Nitro? Whaddaya mean?

Indeed. Wheras an F1 engine of half the capacity redlines at around

18500 RPM and lasts more than 5 seconds...

But thse are not adapted stock engines, they are designed to do the job...

If you look at the specs you have posted, it becomes totally obvious that to get more power, given that these engines are being pumped so full of steroids thay can't deliver any more torque, what is needed is a higher revving engine.

Frm memory a drag engine peaks out around 5000 bhp? On ewhat 7 liters plus super charging?

Turbocharged 1.5 liter F1 engines achieved over 1000 bhp and NO NITRO.. That suggests that with correct design and no nitro at all, 5000 bhp on a blown 5 liter engine should be possible, albeit at somewhere in the

16-18k RPM mark.

No, its true. Top fuel engines are very crude. Development has gone eniterly in the direction of upping torque, rather than allowing them to rev more freely. For a given torque, power goes up as the square of RPM. Now I won;t claim that 19k RPM on that sioze of engine is possible, but certailny at least 50% more RPM should be available, giving double the Bhp for teh same peak cylinder pressures.

Couple an engine like that to a hi tech gearbox and traction control, and you would have a drag car that would simply wipe the floor with anything existing.

Reply to
The Natural Philosopher
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I didn;t say they were stick, but adapoted from.based on stck.

Strange that F1 engines manage about twice the RPM isn't it?

And what limits them is more valve opeartion than piston speeds. Beefier bearings and titanim pistons help a lot of course.

Reply to
The Natural Philosopher

Thanks for the nice info. That made very enjoyable reading.

Glo engines are not chopped liver in the power department.

A hot little glo engine can put out as much as 5 HP per pound of engine weight.

A glo engine scaled up to 500# would (theoretically) produce nearly 3000 HP. Man, that's a scary thought.

Bob

Reply to
Bob Adkins

'Cos we got sidetracked building Beagle 2.... If it hadn't been for that.... >:-)

Reg

Reply to
reg

Hmmm.. the thermodynamic analysis I just ran on 1.71:1 Air/nitromethane at

400psi says the flame temp is 4422 degrees F. It takes real exotics (which nitromethane isn't) to get 7000F flame temperatures. I'll try it on NASA's SP-273 code next to cross check.
Reply to
M Dennett

I'm sure that temperature is just for the very lean condition as the hot mixture hits cool oxygen, although it does seem very high.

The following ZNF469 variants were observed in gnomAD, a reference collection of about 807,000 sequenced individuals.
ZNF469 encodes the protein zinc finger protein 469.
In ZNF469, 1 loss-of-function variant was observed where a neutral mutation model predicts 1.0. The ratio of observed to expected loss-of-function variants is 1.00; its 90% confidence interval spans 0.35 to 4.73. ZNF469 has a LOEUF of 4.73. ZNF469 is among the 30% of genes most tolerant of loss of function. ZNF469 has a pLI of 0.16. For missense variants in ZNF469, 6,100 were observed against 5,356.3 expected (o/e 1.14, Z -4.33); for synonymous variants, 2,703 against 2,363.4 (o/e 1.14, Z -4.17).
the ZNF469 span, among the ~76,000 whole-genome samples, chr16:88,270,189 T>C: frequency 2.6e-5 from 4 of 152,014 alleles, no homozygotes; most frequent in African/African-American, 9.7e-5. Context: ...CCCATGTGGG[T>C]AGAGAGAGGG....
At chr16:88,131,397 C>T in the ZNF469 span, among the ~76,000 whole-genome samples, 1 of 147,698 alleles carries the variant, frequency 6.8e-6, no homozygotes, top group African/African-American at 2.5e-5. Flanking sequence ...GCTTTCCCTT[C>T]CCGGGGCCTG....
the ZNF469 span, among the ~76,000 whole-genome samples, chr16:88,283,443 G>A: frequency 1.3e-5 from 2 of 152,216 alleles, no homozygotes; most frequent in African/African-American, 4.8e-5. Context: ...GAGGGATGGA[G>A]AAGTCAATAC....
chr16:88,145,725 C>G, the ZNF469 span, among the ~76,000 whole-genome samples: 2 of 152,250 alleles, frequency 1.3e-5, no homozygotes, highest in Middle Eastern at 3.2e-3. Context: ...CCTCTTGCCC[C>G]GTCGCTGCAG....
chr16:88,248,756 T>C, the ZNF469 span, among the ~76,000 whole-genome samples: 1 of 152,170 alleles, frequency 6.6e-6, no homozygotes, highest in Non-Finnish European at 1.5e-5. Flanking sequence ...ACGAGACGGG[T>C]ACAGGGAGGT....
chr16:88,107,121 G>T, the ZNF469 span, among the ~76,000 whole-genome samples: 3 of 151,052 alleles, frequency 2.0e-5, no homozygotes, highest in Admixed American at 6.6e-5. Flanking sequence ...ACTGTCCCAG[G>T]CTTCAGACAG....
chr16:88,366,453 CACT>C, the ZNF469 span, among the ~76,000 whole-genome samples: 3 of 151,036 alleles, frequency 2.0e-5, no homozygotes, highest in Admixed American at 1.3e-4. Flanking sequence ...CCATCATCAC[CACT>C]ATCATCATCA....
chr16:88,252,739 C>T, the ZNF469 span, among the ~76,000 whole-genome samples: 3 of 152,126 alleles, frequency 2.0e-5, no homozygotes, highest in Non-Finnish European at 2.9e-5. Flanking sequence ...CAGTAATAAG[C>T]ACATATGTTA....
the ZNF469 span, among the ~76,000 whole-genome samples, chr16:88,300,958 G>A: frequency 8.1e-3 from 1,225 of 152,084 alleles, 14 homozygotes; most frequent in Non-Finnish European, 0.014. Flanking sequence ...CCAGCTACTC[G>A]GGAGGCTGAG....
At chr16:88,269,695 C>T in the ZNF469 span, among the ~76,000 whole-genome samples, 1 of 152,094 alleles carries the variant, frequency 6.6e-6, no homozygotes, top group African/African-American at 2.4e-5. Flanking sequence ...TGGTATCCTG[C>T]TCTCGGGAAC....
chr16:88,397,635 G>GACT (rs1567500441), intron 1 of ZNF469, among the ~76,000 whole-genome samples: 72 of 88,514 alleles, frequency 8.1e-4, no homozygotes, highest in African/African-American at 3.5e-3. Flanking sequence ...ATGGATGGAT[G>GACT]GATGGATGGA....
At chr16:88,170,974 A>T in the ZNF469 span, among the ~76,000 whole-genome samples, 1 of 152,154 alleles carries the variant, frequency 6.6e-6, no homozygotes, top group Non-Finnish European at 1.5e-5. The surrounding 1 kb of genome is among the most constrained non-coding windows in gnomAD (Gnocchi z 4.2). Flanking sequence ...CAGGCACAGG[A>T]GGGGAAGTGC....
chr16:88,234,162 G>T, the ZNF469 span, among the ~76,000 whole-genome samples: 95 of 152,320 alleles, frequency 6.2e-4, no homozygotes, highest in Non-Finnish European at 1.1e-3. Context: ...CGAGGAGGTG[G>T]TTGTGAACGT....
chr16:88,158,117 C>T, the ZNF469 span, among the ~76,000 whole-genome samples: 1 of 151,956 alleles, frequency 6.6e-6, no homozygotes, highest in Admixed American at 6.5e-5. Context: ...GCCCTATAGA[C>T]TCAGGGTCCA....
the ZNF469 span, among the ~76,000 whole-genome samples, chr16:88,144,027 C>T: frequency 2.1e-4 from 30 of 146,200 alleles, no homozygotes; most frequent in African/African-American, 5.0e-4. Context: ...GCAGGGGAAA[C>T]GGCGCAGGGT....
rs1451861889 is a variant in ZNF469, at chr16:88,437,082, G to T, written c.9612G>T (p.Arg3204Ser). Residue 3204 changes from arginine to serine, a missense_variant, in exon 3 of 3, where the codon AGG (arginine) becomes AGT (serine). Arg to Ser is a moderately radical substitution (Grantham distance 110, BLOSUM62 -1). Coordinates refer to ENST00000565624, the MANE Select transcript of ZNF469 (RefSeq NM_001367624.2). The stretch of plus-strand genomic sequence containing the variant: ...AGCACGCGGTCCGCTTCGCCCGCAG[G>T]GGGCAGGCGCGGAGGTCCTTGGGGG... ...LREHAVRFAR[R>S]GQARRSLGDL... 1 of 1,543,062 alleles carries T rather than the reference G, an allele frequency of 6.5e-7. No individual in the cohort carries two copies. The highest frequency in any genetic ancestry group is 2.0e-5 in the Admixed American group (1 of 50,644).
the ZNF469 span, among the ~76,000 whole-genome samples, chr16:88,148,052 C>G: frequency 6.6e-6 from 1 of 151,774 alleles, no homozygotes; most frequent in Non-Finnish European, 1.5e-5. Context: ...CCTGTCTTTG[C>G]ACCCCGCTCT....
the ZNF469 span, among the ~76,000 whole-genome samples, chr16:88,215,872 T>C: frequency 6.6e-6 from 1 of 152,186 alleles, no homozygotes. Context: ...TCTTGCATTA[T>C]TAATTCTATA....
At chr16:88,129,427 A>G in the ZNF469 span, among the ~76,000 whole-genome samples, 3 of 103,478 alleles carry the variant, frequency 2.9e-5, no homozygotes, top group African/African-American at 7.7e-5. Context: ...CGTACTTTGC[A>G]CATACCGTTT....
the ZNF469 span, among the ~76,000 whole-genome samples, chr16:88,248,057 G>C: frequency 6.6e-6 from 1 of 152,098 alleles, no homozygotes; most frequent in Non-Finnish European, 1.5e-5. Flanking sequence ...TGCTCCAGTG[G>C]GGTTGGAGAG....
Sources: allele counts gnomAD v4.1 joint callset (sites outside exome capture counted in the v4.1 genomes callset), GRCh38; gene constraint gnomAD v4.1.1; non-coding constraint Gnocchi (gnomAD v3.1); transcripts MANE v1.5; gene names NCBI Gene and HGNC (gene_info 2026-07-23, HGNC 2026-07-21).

Bob

Reply to
Bob Adkins

I know why the Brits don't build television sets, they haven't figured a way to make them leak oil.

My oil bill dr> >

Reply to
w4jle

Because there is sod all money in it and no one is interested.

Reply to
The Natural Philosopher

Reply to
Paintballmavin

Glow plugs work with pure nitro. The 70% limit is to prevent toxic nitric gas fumes. If you reved an engine up with pure nitro to near max power you would need a mask to protect yourself from the fumes. Mixing a small amount of alcohol gets rid of this problem.

Reply to
Sport_Pilot

Reply to
jim breeeyar

There wasn't any money in hairdressers cars either. Just ask who makes most of the Indy car engines...

Reply to
The Natural Philosopher

Engines from the last decade were primarily from Chevrolet, Honda, Toyota, Buick, Infiniti. What's your point?

Reply to
Paul McIntosh

Now find out not who supplied the badges, but where they wre made...

Reply to
The Natural Philosopher

We musn't forget Rolls-Royce. Anyone remember the Merlin?

Ed Cregger

Reply to
Ed Cregger

The Chevrolet (Ilmore), Buick, Infiniti were made in the US. The Honda was made in the UK, I believe (never did well, of course) and the Toyota was made by TRD in Japan.

Reply to
Paul McIntosh

When was the last time a Merlin ran at Indy?

Reply to
Paul McIntosh

Vaguely :-)

Reply to
The Natural Philosopher

Now consider a 2.5cc (.15 cub.inch) CL speed engine. No supercharging, no nitro. Around 2.7HP...well over 1000HP/litre.

Reply to
Brian

Truthfully? I wouldn't know, Paul. I lost interest in racing many years ago.

Ed Cregger

Reply to
Ed Cregger

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